Kondiaronk was a legendary Native American Chief of the Wendat people in New France who faced the challenge of leading his people in the face of war and destruction. Through his leadership and determination, Kondiaronk not only secured the preservation of his people but also played a key role in shaping the future of the North American continent.
He has also been credited by some as the inspiration for the Enlightenment movement. This article will delve into the life and legacy of this remarkable Native American leader, and explore whether he had any effect he had on the Enlightenment. Join us as we uncover the incredible story of Kondiaronk, the Native American Chief who left an indelible mark on history.
Kondiaronk: The Legendary Chief of the Wendat People
Kondiaronk, aka Le Rat, was a Native American chief of the Huron-Wendat people of Michilimackinac in New France in the late 17th to early 18th century. He was famous for his oratory skills and strategic thinking and led the pro-French Petun and Huron-Wendat refugees of Michilimackinac against their Iroquois enemies.
The Huron-Wendat were a Native American people who lived in the Great Lakes of America in the 17th century, known for their strong alliance with the French during this time (largely thanks to Kondiaronk). Meanwhile, the Iroquois were the traditional enemies of the Huron-Wendat, a Native American Confederacy of five tribes in the northeastern United States. While the Huron-Wendat were willing to work with the Europeans, the Iroquois were known for their resistance to European expansion in the 17th and 18th centuries.
Today Kondiaronk is best remembered for his role in the Great Peace of Montreal in 1701. This ended the Beaver Wars which was a series of conflicts in the 17th century between the Iroquois Confederacy and the French with their Native American allies (the Huron-Wendat).
The two sides were fighting over control of the fur trade and the territories in the Great Lakes region. With the end of the Beaver Wars, peace was forged between Canada’s native people, while the French and opened up North America’s interior to deeper French exploration and trade. He is considered a Person of National Historic Significance by the Canadian government.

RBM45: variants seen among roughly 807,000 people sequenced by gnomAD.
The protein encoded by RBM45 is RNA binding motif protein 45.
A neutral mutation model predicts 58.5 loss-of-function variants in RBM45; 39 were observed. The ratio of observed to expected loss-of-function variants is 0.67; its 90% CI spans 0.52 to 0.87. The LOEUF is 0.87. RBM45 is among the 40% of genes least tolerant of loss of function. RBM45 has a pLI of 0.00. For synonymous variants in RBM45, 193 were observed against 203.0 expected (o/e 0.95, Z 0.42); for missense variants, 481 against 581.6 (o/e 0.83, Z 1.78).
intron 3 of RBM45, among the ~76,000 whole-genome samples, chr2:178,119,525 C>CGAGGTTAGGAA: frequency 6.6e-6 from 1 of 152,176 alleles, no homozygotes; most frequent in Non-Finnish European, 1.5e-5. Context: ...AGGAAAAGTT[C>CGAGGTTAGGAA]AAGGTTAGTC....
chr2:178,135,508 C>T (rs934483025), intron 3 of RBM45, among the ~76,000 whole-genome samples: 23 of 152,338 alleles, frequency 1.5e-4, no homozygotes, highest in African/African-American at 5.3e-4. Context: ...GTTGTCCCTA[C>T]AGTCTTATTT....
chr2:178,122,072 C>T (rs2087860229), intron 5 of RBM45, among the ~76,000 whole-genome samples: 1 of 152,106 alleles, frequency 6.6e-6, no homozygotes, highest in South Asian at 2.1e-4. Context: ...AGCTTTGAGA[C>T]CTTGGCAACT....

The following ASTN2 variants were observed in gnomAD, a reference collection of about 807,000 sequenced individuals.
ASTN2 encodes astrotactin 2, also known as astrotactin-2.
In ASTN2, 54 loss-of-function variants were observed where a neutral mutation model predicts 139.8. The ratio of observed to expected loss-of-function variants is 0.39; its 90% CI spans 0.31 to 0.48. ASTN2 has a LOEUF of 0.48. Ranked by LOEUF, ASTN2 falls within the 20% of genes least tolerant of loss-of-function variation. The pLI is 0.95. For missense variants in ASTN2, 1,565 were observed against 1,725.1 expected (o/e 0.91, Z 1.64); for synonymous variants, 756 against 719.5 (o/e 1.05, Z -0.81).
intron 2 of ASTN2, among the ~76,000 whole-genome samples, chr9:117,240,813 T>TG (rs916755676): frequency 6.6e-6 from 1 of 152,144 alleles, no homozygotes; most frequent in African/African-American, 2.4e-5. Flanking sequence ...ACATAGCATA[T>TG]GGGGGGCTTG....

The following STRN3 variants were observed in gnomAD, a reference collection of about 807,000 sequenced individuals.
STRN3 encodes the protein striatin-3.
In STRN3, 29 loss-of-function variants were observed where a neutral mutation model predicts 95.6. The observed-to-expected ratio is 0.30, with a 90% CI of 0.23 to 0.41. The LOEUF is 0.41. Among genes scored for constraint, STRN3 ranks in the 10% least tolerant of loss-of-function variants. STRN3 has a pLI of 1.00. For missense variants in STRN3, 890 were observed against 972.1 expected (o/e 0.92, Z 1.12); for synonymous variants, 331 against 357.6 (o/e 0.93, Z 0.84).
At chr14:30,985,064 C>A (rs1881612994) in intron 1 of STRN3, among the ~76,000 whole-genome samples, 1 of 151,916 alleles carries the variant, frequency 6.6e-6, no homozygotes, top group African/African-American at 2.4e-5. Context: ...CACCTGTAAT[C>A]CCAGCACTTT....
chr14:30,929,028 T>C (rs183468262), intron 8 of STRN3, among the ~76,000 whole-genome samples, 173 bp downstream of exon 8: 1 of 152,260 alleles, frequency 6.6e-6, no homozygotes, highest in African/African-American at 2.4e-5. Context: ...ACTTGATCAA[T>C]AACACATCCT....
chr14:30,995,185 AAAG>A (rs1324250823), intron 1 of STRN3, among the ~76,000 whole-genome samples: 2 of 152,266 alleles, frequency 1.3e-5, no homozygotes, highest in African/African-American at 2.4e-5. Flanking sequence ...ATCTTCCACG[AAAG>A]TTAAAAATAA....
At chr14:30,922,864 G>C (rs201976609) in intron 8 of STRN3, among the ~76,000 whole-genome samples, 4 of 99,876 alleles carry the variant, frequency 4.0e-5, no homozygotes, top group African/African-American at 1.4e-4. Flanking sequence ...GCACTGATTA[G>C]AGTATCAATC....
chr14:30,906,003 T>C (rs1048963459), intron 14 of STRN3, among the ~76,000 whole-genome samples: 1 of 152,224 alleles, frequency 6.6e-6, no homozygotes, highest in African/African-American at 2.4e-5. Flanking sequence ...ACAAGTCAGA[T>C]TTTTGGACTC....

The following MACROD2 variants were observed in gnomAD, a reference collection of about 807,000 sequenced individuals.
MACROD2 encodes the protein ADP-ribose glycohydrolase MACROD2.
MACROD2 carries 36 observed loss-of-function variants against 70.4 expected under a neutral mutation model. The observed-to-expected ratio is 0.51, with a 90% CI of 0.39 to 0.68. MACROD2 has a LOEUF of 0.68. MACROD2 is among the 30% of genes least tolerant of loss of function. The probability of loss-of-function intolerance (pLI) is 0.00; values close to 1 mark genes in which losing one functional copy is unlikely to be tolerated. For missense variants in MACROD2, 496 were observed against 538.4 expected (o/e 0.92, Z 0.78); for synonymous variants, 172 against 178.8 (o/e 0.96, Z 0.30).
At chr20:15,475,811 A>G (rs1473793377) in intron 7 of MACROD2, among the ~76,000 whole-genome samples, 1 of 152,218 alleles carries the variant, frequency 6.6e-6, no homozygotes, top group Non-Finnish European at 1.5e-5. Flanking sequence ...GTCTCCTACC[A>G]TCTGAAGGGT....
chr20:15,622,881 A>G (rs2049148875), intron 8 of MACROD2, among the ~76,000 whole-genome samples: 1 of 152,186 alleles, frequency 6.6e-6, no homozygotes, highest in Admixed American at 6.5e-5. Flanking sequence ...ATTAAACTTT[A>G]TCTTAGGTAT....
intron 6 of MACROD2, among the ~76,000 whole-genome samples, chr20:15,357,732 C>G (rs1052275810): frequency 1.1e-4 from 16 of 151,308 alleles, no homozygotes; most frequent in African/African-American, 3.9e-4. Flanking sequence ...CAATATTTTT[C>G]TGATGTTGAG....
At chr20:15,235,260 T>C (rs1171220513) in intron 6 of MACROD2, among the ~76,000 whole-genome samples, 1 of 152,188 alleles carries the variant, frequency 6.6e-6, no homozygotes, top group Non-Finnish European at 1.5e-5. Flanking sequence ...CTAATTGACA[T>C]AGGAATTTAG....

Painting by Charles William Jefferys depicting Frontenac the French governor of New France in North America, alongside Native Americans. ( Public domain )
Kondiaronk’s Early Career Navigating Inter-Tribal Relations
Kondiaronk first rose to prominence in 1682 when he represented his Mackinac Huron tribe in negotiations between the French governor, Frontenac, and the Ottawa tribe which shared his village. While we tend to think of native peoples and colonists as having an antagonistic relationship, Kondiaronk was looking for French protection.
An Iroquois chief had been murdered while being held prisoner in Kondiaronk’s village and he feared that the Iroquois tribes would seek revenge. Kondiaronk’s Huron tribe had sent the Iroquois wampum belts to appease the murder. The problem was that the Huron had not sent any wampum belts made by the Ottawa tribe.
The Ottawa tribe felt they were being hung out to dry by the Huron. They told Frontenac that the Huron had put all the blame for the murder on them and then failed to send any Ottawa belts, meaning the Iroquois would still blame them, not the Huron. The Huron, however, claimed they were just trying to keep the peace and had no intention of throwing their neighbors under the bus. French attempts to conciliate the two tribes failed, although Kondiaronk’s plea to the French did secure an alliance that kept both tribes safe from the Iroquois.
The era was marked by Inter-Tribal warfare. Image shows an event in 1609 when Algonquin, Huron and French forces attacked the Iroqouis in New York. ( Public domain )
Kondiaronk the Master Manipulator: The 1688 Coup
Kondiaronk was not just a diplomat. He was a skilled and ruthless tactician who wasn’t afraid of getting his hands dirty. In 1682 he had been successful in getting his tribe French protection, but he knew the best way to keep receiving that protection was to pit the French against his Iroquois enemies.
By 1687 the French, led by Governor-General Denonville, had claimed the lands normally held by the Seneca tribes (the Iroquois). While Europeans claiming great chunks of native land wasn’t a good thing, Kondiaronk tried to make the best of a bad situation. He agreed to ally his tribe with the French as long as Denonville agreed to continue fighting the Iroquois until they were utterly decimated.
Unfortunately, it soon turned out the French couldn’t be trusted. In 1688 Kondiaronk led a war party and set out to raid Iroquois villages. One of his first stops was at Fort Frontenac, a French encampment. While there Kondiaronk discovered that Denonville was in peace talks with the Iroquois, effectively betraying Kondiaronk’s trust.
Kondiaronk withdrew his men back across Lake Ontario and set up an ambush in the surrounding forest. As the Iroquois Onondaga peace delegation passed through on their way to meet Denonville in Montreal, Kondiaronk launched his attack. His men killed one chief and managed to take the remainder of the delegation hostage.